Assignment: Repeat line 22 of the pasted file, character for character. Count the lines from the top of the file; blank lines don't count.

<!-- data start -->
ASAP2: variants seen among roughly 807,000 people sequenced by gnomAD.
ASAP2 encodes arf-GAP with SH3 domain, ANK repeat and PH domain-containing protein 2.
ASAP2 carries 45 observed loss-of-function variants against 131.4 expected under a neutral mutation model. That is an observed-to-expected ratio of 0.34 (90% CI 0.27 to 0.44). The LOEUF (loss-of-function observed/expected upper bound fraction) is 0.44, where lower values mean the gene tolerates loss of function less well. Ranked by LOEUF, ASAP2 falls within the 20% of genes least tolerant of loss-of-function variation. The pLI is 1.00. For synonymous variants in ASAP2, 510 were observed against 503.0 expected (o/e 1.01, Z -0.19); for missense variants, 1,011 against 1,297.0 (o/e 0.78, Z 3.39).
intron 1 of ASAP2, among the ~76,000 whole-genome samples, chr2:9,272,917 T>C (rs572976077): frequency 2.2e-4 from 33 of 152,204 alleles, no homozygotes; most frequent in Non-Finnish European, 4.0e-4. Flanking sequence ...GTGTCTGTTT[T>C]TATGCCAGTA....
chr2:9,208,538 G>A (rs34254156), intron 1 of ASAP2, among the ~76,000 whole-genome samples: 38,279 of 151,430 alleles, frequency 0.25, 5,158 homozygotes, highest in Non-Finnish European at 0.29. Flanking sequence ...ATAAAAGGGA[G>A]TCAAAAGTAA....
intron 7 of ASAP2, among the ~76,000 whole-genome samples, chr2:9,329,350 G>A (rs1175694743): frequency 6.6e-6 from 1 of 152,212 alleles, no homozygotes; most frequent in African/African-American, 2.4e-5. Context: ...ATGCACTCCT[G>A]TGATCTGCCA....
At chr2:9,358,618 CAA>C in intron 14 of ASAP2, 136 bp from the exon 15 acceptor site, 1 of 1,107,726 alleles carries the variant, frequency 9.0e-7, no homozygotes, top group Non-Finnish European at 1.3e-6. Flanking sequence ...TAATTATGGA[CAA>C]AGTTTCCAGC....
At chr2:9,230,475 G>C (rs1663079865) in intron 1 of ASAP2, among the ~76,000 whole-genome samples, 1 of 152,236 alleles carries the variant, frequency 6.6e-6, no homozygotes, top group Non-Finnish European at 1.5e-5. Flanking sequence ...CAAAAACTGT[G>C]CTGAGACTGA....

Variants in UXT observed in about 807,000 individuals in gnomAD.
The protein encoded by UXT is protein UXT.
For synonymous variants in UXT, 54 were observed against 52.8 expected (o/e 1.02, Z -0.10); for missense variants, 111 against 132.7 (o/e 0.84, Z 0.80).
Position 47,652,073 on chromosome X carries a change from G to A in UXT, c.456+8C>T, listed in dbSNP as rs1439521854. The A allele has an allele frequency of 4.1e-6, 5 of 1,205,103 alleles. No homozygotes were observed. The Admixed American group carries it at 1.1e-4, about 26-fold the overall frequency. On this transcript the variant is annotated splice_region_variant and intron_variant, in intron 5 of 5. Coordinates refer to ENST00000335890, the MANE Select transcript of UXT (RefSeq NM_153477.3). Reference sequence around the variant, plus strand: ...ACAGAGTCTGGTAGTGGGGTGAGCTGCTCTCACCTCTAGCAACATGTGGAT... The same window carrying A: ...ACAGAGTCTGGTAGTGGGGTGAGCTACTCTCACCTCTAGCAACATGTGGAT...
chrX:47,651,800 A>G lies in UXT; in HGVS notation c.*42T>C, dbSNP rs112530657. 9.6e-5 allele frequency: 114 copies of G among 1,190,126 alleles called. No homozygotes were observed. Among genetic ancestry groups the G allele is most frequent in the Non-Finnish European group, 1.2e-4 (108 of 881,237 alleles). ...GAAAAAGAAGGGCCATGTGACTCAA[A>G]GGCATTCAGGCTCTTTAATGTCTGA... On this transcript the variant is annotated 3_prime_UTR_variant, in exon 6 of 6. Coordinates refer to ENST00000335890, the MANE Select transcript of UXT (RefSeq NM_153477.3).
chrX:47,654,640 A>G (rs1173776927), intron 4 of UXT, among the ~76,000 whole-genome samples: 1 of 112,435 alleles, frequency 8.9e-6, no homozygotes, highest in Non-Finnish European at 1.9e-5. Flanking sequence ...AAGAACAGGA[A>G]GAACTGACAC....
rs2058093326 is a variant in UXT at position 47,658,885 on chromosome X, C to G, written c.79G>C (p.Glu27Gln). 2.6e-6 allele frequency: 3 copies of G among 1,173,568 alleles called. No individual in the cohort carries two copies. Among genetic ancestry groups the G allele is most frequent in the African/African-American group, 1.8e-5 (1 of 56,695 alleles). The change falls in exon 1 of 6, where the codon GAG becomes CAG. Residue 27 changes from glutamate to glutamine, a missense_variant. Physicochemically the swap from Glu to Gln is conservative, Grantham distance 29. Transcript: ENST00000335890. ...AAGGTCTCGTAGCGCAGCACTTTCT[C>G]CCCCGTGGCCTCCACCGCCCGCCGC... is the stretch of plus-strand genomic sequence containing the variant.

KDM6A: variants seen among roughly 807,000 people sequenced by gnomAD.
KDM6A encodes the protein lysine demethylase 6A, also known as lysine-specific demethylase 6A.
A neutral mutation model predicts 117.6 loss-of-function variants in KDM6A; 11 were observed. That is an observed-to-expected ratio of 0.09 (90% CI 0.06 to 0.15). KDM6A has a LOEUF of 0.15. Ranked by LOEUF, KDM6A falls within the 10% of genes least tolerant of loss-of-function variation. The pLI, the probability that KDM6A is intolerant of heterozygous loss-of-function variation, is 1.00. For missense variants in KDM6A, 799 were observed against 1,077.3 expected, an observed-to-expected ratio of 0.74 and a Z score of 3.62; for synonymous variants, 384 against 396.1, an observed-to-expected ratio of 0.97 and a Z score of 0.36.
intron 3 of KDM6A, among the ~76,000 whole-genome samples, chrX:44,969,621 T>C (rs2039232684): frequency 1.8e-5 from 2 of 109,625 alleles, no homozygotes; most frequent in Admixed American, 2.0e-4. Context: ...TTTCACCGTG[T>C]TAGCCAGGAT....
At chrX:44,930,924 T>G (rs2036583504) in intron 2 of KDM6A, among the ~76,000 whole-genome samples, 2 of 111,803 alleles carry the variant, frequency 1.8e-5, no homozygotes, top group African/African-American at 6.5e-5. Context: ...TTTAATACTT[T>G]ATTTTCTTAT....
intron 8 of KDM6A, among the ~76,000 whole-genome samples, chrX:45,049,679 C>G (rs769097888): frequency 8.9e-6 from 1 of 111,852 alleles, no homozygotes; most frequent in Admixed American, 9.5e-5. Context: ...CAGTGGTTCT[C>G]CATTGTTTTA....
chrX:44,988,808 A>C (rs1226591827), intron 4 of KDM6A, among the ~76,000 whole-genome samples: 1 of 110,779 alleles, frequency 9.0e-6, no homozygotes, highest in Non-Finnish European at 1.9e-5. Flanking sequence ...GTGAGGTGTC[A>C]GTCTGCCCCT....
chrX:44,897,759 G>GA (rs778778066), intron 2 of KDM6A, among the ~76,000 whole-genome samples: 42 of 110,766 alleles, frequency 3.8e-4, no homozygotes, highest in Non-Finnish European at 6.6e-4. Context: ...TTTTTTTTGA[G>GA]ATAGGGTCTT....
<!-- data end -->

chrX:44,988,808 A>C (rs1226591827), intron 4 of KDM6A, among the ~76,000 whole-genome samples: 1 of 110,779 alleles, frequency 9.0e-6, no homozygotes, highest in Non-Finnish European at 1.9e-5. Flanking sequence ...GTGAGGTGTC[A>C]GTCTGCCCCT....